Over the years I’ve had discussions with many friends and relatives of the conservative Christian persuasion regarding their Lord’s admonition to feed the hungry, feed the sick, and generally be their brother or sister’s keeper. It seems to me that most of them misunderstand what Jesus really meant in this regard.
Most conservatives Christians are ideologically opposed to any expansion of social programs to help the poor, and 99 times in 100 they tend to fall back on religious beliefs to justify their actions or refusal to act. The refrain I hear most often is that Jesus wanted us as individuals or at most, as church congregations, to take care of the poor and indigent among us, but I disagree. Jesus quite plainly expected us to be our neighbor’s keeper, and what better way to do so than to support and implement programs that pool our collective resources to accomplish these goals?
I ran across an article the other day in which the author described a recent “disagreement” between several members of the House of Representatives discussing proposed cuts to our nation’s “food stamp” program.
From #Occupy the Bible:
Representative Juan C. Vargas, Democrat of California , who opposes cuts to the food stamp program, quoted from Matthew 25 to argue against the cuts to food stamps.
This was an excellent choice by Rep. Vargas as Matthew 25 shows exactly how angry Jesus gets at those who refuse to feed the hungry, as readers of #OccupytheBible know.
“I’m a Christian, and this chapter talks about how you treat the least among us,” said Mr. Vargas, adding that he would not support a bill that made such deep cuts to the antihunger (sic) program.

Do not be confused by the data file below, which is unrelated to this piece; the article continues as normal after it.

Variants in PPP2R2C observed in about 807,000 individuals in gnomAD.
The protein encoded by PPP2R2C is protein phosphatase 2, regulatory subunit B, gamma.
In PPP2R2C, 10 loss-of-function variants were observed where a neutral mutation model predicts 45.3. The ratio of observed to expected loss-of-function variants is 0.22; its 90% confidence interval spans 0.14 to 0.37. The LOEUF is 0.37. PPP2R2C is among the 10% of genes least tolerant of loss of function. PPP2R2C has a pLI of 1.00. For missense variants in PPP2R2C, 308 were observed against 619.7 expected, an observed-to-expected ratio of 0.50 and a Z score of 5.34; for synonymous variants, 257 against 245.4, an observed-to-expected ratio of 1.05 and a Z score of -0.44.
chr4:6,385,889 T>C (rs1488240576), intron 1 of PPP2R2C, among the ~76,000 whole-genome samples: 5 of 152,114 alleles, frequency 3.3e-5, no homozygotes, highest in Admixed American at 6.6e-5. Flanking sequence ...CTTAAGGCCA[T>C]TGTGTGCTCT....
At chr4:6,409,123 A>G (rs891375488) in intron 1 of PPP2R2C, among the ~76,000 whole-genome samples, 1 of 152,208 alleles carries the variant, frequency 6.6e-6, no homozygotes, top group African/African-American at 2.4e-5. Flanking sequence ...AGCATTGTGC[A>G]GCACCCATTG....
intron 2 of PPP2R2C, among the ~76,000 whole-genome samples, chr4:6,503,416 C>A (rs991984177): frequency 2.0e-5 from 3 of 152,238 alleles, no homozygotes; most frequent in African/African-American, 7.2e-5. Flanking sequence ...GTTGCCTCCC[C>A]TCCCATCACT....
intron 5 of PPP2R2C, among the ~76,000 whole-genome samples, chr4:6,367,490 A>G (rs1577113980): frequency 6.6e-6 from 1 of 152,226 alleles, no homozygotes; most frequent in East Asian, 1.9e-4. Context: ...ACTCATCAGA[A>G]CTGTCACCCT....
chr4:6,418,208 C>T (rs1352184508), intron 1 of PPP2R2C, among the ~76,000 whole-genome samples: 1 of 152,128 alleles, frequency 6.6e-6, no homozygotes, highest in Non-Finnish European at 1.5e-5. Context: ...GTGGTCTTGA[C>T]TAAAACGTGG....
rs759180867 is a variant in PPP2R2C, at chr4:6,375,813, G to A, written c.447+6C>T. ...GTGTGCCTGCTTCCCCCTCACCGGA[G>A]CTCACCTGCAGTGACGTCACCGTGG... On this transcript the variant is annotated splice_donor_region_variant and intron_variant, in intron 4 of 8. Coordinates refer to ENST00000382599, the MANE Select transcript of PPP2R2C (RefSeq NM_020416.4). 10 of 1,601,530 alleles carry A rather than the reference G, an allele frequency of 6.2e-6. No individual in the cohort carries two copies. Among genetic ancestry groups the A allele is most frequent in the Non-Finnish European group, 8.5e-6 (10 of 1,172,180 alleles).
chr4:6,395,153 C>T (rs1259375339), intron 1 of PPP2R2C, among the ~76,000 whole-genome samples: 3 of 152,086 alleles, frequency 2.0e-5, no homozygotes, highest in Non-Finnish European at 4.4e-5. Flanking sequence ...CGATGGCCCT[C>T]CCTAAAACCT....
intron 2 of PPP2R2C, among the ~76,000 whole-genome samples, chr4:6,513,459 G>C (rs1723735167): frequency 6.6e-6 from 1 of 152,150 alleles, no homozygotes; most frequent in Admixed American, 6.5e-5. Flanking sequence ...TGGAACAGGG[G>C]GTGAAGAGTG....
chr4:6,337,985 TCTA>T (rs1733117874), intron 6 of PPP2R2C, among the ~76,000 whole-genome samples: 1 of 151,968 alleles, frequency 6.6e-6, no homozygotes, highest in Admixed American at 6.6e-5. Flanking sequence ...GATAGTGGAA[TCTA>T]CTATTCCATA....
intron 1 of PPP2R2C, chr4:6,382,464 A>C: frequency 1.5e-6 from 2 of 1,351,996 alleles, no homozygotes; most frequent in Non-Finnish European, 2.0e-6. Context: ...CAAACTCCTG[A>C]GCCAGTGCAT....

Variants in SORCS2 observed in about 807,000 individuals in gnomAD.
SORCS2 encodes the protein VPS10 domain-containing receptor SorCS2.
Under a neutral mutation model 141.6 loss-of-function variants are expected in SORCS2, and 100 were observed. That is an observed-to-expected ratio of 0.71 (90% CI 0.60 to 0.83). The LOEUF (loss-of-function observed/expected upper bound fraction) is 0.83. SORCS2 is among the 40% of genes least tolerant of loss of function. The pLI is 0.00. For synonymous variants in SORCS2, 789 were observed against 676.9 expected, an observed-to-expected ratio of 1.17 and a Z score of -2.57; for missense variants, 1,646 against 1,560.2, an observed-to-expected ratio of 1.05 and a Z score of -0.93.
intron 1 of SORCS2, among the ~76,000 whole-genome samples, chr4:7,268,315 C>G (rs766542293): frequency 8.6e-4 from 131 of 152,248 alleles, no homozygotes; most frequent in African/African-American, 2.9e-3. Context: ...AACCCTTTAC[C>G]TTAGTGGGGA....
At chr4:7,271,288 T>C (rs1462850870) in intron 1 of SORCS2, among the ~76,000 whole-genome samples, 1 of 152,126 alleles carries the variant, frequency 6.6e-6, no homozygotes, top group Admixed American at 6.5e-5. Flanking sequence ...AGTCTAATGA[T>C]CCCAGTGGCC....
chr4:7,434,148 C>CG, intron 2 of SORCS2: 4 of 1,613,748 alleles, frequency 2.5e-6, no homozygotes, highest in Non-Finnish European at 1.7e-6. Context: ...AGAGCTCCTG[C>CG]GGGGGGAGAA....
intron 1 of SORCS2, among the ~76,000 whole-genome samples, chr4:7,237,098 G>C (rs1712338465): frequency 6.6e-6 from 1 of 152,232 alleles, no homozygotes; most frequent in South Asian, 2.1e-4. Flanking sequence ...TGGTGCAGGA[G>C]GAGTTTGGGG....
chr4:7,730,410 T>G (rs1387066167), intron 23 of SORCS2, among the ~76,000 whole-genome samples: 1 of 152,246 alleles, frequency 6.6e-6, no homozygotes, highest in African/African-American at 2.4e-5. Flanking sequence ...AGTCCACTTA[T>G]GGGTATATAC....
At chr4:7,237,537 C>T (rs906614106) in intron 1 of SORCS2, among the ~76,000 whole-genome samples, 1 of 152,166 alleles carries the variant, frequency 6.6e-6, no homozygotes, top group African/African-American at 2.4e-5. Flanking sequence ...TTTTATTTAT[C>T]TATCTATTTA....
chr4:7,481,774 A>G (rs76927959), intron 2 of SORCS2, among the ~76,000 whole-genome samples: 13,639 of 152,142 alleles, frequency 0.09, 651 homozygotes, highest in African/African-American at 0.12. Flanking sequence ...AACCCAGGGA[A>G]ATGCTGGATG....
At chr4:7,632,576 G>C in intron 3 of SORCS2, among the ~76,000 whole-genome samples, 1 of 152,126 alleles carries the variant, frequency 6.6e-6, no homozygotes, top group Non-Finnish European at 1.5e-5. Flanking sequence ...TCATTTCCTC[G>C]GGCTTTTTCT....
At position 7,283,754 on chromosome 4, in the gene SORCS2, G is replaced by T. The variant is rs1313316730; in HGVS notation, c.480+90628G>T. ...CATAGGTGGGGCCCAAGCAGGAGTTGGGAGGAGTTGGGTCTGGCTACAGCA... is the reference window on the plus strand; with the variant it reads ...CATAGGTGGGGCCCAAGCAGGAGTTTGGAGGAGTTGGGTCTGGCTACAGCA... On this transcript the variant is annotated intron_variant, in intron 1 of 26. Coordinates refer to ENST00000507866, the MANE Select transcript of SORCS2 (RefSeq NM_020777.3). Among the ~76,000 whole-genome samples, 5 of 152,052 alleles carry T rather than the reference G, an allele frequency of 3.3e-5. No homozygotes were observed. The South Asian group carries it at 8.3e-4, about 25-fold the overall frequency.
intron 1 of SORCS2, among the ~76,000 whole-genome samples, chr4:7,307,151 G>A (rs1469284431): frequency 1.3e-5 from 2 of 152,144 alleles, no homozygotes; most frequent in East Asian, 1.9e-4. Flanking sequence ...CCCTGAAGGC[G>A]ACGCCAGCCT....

That was much too much biblical literalism for some GOP members of the committee. K. Michael Conaway, a Texas Republican, pushed back. Jesus didn’t really mean we should all do that together as a nation, he argued. “I take umbrage to that,” he said. “I take Matthew 25 to mean me as an individual, not the U.S. government.“
Except Matthew 25 is called “The Judgment of the Nations” because “All the nations will be gathered before him.” (Matt. 25:32)
To make it worse, Stephen Fincher, Republican of Tennessee, then quoted Matthew 26, arguing the “poor will always be with us” in his defense of cuts to the food stamps program.
Here’s some news for you, Congressman Fincher, that text doesn’t mean ‘be sure you keep some people poor.’ And Congressman Conaway, Matthew 25 has no “opt out” clause that means you don’t have to vote for programs to feed the poor because “individuals” and “churches” will take care of it.
“Judgment of the nations” means just that. Read the text.
People like these are textbook examples of why I’ll no longer have anything to do with most “Christians”, their churches, or organized religion of any kind. For the most part they’ve been hoodwinked; convinced by power hungry charlatans, starting with the Apostle Paul and continuing to this day, that the man they call Jesus Christ actually preached such despicable ideas as homophobia, misogyny, and in this case, greed disguised as concern for morality; ideas that could not be further removed from the actual teachings of Jesus if they were attributed to Old Scratch himself.
The ideas Jesus taught and the following he was developing represented a threat to the existing power structure of his day, and made the Jewish ruling class very uncomfortable.
What Jesus tried to teach us about compassion, human rights, and equality was a far cry from the often hateful, divisive, nationalistic message preached in his name from many churches today, especially those of the conservative, evangelical, or fundamentalist variety.
I don’t believe in supernatural deities or the divinity of the so-called Christ figure, but I do believe in the teachings of the man we know as Jesus of Nazareth. I try to treat everyone the way I would wish to be treated were I in their shoes, I strive to be compassionate toward those less fortunate then me, and that includes supporting elected representatives who support the creation and funding of social programs that assist those in need. I think that’s what Jesus would do if he were here today.